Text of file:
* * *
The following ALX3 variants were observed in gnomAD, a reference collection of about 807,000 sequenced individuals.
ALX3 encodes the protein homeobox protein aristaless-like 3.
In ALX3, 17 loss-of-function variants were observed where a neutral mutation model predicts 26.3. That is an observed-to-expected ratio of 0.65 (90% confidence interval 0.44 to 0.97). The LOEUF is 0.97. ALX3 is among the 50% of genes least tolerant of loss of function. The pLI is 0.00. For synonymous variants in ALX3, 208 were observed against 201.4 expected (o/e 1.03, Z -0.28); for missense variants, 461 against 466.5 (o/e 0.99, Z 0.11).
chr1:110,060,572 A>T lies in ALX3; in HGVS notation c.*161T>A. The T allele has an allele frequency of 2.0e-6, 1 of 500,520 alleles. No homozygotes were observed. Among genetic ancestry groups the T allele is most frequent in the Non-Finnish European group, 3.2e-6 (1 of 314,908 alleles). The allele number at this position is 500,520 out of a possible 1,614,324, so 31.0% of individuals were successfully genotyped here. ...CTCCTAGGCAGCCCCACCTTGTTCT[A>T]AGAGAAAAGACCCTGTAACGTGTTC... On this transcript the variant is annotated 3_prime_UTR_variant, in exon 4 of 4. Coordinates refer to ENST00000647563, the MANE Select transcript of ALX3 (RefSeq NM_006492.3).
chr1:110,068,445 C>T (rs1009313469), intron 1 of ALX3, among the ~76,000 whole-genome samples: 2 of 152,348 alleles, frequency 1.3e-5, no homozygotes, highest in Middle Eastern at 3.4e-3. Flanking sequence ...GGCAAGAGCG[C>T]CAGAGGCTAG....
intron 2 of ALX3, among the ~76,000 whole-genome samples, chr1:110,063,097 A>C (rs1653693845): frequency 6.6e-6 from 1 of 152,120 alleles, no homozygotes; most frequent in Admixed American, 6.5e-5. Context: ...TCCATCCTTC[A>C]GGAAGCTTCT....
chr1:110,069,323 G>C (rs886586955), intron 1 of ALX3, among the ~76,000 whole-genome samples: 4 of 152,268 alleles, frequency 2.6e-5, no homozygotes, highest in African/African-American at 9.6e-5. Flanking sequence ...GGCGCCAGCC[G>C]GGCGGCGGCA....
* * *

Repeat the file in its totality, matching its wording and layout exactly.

The following ALX3 variants were observed in gnomAD, a reference collection of about 807,000 sequenced individuals.
ALX3 encodes the protein homeobox protein aristaless-like 3.
In ALX3, 17 loss-of-function variants were observed where a neutral mutation model predicts 26.3. That is an observed-to-expected ratio of 0.65 (90% confidence interval 0.44 to 0.97). The LOEUF is 0.97. ALX3 is among the 50% of genes least tolerant of loss of function. The pLI is 0.00. For synonymous variants in ALX3, 208 were observed against 201.4 expected (o/e 1.03, Z -0.28); for missense variants, 461 against 466.5 (o/e 0.99, Z 0.11).
chr1:110,060,572 A>T lies in ALX3; in HGVS notation c.*161T>A. The T allele has an allele frequency of 2.0e-6, 1 of 500,520 alleles. No homozygotes were observed. Among genetic ancestry groups the T allele is most frequent in the Non-Finnish European group, 3.2e-6 (1 of 314,908 alleles). The allele number at this position is 500,520 out of a possible 1,614,324, so 31.0% of individuals were successfully genotyped here. ...CTCCTAGGCAGCCCCACCTTGTTCT[A>T]AGAGAAAAGACCCTGTAACGTGTTC... On this transcript the variant is annotated 3_prime_UTR_variant, in exon 4 of 4. Coordinates refer to ENST00000647563, the MANE Select transcript of ALX3 (RefSeq NM_006492.3).
chr1:110,068,445 C>T (rs1009313469), intron 1 of ALX3, among the ~76,000 whole-genome samples: 2 of 152,348 alleles, frequency 1.3e-5, no homozygotes, highest in Middle Eastern at 3.4e-3. Flanking sequence ...GGCAAGAGCG[C>T]CAGAGGCTAG....
intron 2 of ALX3, among the ~76,000 whole-genome samples, chr1:110,063,097 A>C (rs1653693845): frequency 6.6e-6 from 1 of 152,120 alleles, no homozygotes; most frequent in Admixed American, 6.5e-5. Context: ...TCCATCCTTC[A>C]GGAAGCTTCT....
chr1:110,069,323 G>C (rs886586955), intron 1 of ALX3, among the ~76,000 whole-genome samples: 4 of 152,268 alleles, frequency 2.6e-5, no homozygotes, highest in African/African-American at 9.6e-5. Flanking sequence ...GGCGCCAGCC[G>C]GGCGGCGGCA....